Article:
Although Mexico is not poor as Haiti, it still needed a lot of International help especially during the rescue missions, and for those who had lost everything. The Mexican people are so grateful to EVERY PERSON IN EVERY COUNTRY who donated for this cause. Unfortunately, it is payback time for Mexico (this is a debt I'm sure nobody would like to pay back). But the country has gotten together to help our Haitian brothers and sisters. Every supermarket, church, school, has become a place to take canned foods, medicine, diapers, antibacterial gel, and the list goes on and on and on... Everybody is giving and giving....You see, we KNOW how it feels to be helpless, not to know what will happen tommorrow, to loose complete families (we lost SO MANY friends during the '85 earthquake). Yes, unfortunately, we KNOW, and we really hope NOBODY would ever have to feel this. But we also know about the generosity of so many countries, how it feels to have a warm blanket, a sweater, a cup of fresh water, food, medical care and supplies.

So what do I ask? I ask all who read this, not only to donate with money, goods or drives (I know my blogger friends have done this already), but to get others involved, to let them know this is not something that will pass as some other sensational news shows up on TV, not to say "Geesh, I'm glad I live here and not there" and do nothing about it, not talk about it because "It is soooo depressing, ugggg". I ask for everybody to get involved, and help our brothers and sisters in need.......and I thank you SO much, because your help today, was help for us yesterday, and it will be my help to WHOEVER will need it tomorrow.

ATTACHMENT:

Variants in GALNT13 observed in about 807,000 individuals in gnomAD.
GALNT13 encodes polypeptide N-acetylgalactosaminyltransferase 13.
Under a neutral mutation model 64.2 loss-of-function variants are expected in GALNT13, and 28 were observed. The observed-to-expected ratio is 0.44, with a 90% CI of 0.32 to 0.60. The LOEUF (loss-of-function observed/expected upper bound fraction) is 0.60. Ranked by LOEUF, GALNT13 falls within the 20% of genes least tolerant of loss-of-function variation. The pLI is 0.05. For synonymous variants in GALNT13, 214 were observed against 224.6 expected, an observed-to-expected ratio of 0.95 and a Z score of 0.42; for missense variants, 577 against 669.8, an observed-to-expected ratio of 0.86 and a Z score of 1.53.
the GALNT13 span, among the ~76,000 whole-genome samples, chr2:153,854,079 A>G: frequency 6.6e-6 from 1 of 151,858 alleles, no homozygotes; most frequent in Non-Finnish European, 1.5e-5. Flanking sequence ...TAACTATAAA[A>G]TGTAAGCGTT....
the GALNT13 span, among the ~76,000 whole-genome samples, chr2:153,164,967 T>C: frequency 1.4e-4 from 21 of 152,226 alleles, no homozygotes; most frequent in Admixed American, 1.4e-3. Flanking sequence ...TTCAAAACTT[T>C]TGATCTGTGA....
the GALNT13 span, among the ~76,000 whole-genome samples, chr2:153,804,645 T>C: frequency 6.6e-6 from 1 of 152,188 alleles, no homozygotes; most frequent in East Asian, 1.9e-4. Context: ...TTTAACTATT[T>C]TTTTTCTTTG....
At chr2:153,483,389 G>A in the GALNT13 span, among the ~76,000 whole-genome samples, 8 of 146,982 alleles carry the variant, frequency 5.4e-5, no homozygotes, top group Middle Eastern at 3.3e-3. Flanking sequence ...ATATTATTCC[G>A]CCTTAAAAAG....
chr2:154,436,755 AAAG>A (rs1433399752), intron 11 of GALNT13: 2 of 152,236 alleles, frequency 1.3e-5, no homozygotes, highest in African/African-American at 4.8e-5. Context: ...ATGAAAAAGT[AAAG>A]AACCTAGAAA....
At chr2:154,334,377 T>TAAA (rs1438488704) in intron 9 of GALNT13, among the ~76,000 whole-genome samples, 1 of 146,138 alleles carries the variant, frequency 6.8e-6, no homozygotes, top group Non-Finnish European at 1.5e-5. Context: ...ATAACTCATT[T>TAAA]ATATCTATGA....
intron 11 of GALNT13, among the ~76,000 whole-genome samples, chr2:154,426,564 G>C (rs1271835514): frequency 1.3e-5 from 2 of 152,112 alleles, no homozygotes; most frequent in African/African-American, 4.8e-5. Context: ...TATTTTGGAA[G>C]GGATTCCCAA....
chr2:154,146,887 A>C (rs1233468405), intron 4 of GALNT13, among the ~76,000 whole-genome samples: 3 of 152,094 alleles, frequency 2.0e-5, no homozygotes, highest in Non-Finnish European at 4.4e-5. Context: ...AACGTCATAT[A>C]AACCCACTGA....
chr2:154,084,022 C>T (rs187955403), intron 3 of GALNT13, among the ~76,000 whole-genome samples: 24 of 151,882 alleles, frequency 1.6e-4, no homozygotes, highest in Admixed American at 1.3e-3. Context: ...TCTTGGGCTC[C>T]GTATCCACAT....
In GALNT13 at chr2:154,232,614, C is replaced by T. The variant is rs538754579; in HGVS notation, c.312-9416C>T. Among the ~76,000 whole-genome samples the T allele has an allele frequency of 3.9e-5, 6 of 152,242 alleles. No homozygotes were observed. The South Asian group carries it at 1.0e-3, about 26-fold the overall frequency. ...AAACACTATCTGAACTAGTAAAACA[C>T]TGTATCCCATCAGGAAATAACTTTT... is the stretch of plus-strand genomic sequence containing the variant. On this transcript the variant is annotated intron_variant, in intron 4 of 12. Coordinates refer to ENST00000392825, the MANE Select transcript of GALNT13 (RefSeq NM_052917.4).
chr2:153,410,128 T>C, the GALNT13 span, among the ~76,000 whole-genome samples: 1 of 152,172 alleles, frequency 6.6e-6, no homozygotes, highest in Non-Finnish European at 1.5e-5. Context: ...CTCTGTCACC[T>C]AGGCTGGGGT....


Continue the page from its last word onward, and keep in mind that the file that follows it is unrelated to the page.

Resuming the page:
God Bless....

Saturday, January 9, 2010

Pozole Verde.

Green Pozole.
Here is the how-to, just don't look at the dirty blender and filthy stove (incredible how messiness and grime shows so brightly on photograph, sheesh!)

It is very easy. Ingredients:

-Pozole corn (I think it is called hominy in the U.S.)
-Chicken or pork (mine is made with chicken, I used a whole one chopped into parts)
-Green tomatoes (or tomatillos)
-Serrano chiles (also called green chile)
-Radishes leaves